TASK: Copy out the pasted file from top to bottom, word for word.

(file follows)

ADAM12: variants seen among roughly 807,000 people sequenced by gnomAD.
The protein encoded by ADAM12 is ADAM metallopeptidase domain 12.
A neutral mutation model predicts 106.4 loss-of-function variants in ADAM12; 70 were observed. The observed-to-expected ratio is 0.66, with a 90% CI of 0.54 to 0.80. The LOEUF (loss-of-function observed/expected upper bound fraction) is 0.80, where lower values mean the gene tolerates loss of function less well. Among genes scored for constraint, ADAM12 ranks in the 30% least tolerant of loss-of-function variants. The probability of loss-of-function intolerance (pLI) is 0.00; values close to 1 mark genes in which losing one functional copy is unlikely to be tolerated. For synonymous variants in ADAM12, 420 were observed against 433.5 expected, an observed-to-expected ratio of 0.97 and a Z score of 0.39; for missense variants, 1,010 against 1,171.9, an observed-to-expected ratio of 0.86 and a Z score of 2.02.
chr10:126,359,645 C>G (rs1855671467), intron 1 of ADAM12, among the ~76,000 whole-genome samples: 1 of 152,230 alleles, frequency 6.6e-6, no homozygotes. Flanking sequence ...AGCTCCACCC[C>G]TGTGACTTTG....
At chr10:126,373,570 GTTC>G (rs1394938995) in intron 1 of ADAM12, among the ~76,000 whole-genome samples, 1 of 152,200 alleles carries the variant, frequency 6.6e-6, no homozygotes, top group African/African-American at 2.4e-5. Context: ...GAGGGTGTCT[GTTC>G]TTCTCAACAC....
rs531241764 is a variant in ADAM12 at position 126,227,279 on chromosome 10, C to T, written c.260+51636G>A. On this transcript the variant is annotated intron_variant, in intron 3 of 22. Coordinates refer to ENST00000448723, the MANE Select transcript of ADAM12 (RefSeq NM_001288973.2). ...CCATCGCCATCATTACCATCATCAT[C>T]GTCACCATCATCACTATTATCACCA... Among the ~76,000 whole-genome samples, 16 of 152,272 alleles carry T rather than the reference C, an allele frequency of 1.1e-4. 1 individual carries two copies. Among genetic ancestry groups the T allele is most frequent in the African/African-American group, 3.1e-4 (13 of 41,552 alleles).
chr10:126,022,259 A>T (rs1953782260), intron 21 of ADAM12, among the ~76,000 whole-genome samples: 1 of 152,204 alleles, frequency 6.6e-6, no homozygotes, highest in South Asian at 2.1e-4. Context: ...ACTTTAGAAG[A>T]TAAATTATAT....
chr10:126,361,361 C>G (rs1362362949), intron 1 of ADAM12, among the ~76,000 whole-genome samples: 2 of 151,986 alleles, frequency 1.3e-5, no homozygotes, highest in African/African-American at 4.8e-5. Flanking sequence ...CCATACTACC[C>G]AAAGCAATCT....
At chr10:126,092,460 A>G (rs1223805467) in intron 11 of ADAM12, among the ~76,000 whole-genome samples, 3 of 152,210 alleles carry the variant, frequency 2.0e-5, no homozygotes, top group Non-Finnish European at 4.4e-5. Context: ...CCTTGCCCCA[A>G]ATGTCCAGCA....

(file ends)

ADAM12: variants seen among roughly 807,000 people sequenced by gnomAD.
The protein encoded by ADAM12 is ADAM metallopeptidase domain 12.
A neutral mutation model predicts 106.4 loss-of-function variants in ADAM12; 70 were observed. The observed-to-expected ratio is 0.66, with a 90% CI of 0.54 to 0.80. The LOEUF (loss-of-function observed/expected upper bound fraction) is 0.80, where lower values mean the gene tolerates loss of function less well. Among genes scored for constraint, ADAM12 ranks in the 30% least tolerant of loss-of-function variants. The probability of loss-of-function intolerance (pLI) is 0.00; values close to 1 mark genes in which losing one functional copy is unlikely to be tolerated. For synonymous variants in ADAM12, 420 were observed against 433.5 expected, an observed-to-expected ratio of 0.97 and a Z score of 0.39; for missense variants, 1,010 against 1,171.9, an observed-to-expected ratio of 0.86 and a Z score of 2.02.
chr10:126,359,645 C>G (rs1855671467), intron 1 of ADAM12, among the ~76,000 whole-genome samples: 1 of 152,230 alleles, frequency 6.6e-6, no homozygotes. Flanking sequence ...AGCTCCACCC[C>G]TGTGACTTTG....
At chr10:126,373,570 GTTC>G (rs1394938995) in intron 1 of ADAM12, among the ~76,000 whole-genome samples, 1 of 152,200 alleles carries the variant, frequency 6.6e-6, no homozygotes, top group African/African-American at 2.4e-5. Context: ...GAGGGTGTCT[GTTC>G]TTCTCAACAC....
rs531241764 is a variant in ADAM12 at position 126,227,279 on chromosome 10, C to T, written c.260+51636G>A. On this transcript the variant is annotated intron_variant, in intron 3 of 22. Coordinates refer to ENST00000448723, the MANE Select transcript of ADAM12 (RefSeq NM_001288973.2). ...CCATCGCCATCATTACCATCATCAT[C>T]GTCACCATCATCACTATTATCACCA... Among the ~76,000 whole-genome samples, 16 of 152,272 alleles carry T rather than the reference C, an allele frequency of 1.1e-4. 1 individual carries two copies. Among genetic ancestry groups the T allele is most frequent in the African/African-American group, 3.1e-4 (13 of 41,552 alleles).
chr10:126,022,259 A>T (rs1953782260), intron 21 of ADAM12, among the ~76,000 whole-genome samples: 1 of 152,204 alleles, frequency 6.6e-6, no homozygotes, highest in South Asian at 2.1e-4. Context: ...ACTTTAGAAG[A>T]TAAATTATAT....
chr10:126,361,361 C>G (rs1362362949), intron 1 of ADAM12, among the ~76,000 whole-genome samples: 2 of 151,986 alleles, frequency 1.3e-5, no homozygotes, highest in African/African-American at 4.8e-5. Flanking sequence ...CCATACTACC[C>G]AAAGCAATCT....
At chr10:126,092,460 A>G (rs1223805467) in intron 11 of ADAM12, among the ~76,000 whole-genome samples, 3 of 152,210 alleles carry the variant, frequency 2.0e-5, no homozygotes, top group Non-Finnish European at 4.4e-5. Context: ...CCTTGCCCCA[A>G]ATGTCCAGCA....